Monash South Africa and Laureate Education have unveiled a partnership agreement that will enable the local higher education provider operated by Australia’s Monash University to expand its student enrolment and academic offerings.
The move forms part of a broader Laureate initiative to expand its base across developing nations.
The Laureate International Universities network currently includes more than 72 accredited campus-based and online universities across 30 countries in North America, Latin America, Europe, Asia, Africa and the Middle East.
The deal was made possible by a US$150 million grant from the International Finance Corporation, an arm of the World Bank that among other areas finances investment in higher education in developing nations.
In a statement issued locally, Monash Vice-chancellor Ed Byrne said the partnership would grow Monash South Africa, expanding its regional and Sub-Saharan African presence. There are currently students from more than 50 countries earning degrees in business and economics, information technology, social sciences and health sciences.
Monash was the first foreign university to gain registration as a private higher education institution in South Africa, and opened to students in 2001 at its 100-hectare campus north-west of Johannesburg. Since then it has grown from 400 to 4,000 students.
Byrne said Monash South Africa had “consistently demonstrated its commitment to South African higher education transformation objectives”, evident in the rapid growth of the campus and the quality of academic offerings.
“This partnership will enable Monash South Africa to further address the key challenges facing higher education,” he said.
According to a recent article in The Australian, Laureate will take over and run the Monash South Africa campus. The deal includes purchasing the freehold land and buildings and will see Laureate's stake in the joint company increase to over 50% in the next few years.
Monash would continue responsibility for academic matters in a model that, it said, closely replicated its successful campus in Malaysia with the private Sunway group.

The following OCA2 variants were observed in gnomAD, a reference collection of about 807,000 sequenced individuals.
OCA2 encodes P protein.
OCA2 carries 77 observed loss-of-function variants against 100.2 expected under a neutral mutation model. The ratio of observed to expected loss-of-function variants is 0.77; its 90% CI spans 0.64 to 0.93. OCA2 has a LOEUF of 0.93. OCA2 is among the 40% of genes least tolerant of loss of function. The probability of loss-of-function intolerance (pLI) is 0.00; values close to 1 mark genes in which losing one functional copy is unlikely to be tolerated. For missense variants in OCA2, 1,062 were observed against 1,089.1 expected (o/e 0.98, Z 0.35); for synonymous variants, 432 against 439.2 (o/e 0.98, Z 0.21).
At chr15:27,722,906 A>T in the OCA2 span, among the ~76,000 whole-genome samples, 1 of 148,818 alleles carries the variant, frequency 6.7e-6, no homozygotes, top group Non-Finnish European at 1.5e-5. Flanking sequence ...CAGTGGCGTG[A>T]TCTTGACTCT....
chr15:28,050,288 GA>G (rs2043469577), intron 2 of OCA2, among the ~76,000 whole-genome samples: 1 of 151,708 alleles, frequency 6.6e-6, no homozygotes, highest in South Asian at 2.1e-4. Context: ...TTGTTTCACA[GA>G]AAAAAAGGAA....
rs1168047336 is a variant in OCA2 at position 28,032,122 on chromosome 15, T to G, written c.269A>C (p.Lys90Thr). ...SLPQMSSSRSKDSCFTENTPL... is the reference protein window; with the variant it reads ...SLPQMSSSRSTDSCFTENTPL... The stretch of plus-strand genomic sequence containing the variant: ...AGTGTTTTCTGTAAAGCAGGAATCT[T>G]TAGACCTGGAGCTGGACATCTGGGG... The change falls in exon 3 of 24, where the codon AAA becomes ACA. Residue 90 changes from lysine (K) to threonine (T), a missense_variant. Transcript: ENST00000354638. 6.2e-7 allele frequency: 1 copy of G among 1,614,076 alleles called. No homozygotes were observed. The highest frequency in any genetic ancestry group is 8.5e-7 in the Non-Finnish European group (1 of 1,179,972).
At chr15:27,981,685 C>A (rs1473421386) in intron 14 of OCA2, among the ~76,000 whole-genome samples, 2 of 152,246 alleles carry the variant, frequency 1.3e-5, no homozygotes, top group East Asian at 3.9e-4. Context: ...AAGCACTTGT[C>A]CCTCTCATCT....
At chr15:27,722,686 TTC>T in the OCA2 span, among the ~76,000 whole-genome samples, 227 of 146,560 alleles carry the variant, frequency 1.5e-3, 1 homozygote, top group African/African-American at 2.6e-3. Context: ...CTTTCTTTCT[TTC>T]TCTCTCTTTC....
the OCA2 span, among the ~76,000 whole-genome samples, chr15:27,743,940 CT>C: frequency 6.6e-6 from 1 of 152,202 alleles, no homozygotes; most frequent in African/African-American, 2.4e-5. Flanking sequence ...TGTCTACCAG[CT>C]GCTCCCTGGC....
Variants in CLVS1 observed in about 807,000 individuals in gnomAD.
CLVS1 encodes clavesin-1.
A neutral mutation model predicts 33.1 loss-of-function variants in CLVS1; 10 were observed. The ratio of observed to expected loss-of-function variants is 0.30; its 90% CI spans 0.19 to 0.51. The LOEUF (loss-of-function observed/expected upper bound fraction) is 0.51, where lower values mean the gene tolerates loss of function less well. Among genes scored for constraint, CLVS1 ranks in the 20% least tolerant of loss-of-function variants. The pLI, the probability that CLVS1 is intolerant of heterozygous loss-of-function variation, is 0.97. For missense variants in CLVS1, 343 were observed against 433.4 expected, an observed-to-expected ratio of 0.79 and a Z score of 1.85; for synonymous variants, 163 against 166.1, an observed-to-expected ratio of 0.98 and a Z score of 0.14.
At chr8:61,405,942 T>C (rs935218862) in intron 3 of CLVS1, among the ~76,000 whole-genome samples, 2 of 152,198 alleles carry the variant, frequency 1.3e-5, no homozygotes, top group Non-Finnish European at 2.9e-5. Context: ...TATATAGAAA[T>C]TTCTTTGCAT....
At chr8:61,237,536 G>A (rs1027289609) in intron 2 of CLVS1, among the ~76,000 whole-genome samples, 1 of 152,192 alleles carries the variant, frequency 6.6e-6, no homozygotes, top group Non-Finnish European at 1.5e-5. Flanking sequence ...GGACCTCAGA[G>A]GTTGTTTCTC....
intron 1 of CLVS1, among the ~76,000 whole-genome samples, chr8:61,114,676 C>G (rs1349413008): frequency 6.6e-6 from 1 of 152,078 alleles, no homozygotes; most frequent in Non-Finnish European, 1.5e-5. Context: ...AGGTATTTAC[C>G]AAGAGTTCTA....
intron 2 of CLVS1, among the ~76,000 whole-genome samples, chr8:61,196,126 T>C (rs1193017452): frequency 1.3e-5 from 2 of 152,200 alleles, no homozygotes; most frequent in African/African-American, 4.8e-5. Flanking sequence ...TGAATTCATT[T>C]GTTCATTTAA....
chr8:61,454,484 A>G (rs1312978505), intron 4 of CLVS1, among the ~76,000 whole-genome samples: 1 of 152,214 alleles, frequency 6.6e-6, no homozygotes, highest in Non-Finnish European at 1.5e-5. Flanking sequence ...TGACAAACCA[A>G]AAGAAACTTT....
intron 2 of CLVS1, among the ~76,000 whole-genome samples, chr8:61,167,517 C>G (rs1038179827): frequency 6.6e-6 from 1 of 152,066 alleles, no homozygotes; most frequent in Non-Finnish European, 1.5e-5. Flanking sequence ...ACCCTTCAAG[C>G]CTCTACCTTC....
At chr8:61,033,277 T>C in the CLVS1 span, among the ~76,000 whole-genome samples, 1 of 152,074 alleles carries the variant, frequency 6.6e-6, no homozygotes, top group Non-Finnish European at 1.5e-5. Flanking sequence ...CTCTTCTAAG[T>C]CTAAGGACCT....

Byrne told The Australian that the deal was “an excellent step forward” because it kept Monash in South Africa; reduced the risks of the enterprise; and meant the university could get back the money it had invested and could turn a subsidy into an income stream.
He added that it was hard to justify that cost from the main campus when the university was under "such tight financial restraints".
“Monash South Africa has been brilliant academically,” Byrne was quoted as saying. But while enrolment had grown to 4,000 students, “South Africa needs more professionals and the campus needs investment in new buildings and disciplines”.
Laureate Education Chairman and CEO Douglas Becker echoed those sentiments, saying the institution was "committed to South Africa and to working with Monash to advance shared goals to increase access to quality higher education for the country”.
Byrne said in the statement that Monash University had taken another step towards its overarching ambition of becoming a globally networked university.
The success of the university's joint campuses and graduate schools in China, India and Malaysia had shown that working with carefully chosen partners was "the most effective way" to approach an offshore presence.
The partnership supported the university's global strategy of delivering a truly international experience for students. “Students need to be prepared for careers that can lead them anywhere in the world [and] only a globally networked university can offer a truly international dimension to their education," Byrne said.
However, a University World News article published in November 2011 showed that the ambitious goal of establishing a profitable Johannesburg campus had still to be achieved and that Monash South Africa had shifted its approach from ‘for profit’ to ‘public purpose’.
A decade after launching locally, Australia's largest university had invested an estimated A$140 million (US$156 million) in creating a higher education showpiece. But aims to double the then enrolment figure of 3,200 by 2014 and clear the loan from the Melbourne parent university appeared optimistic.
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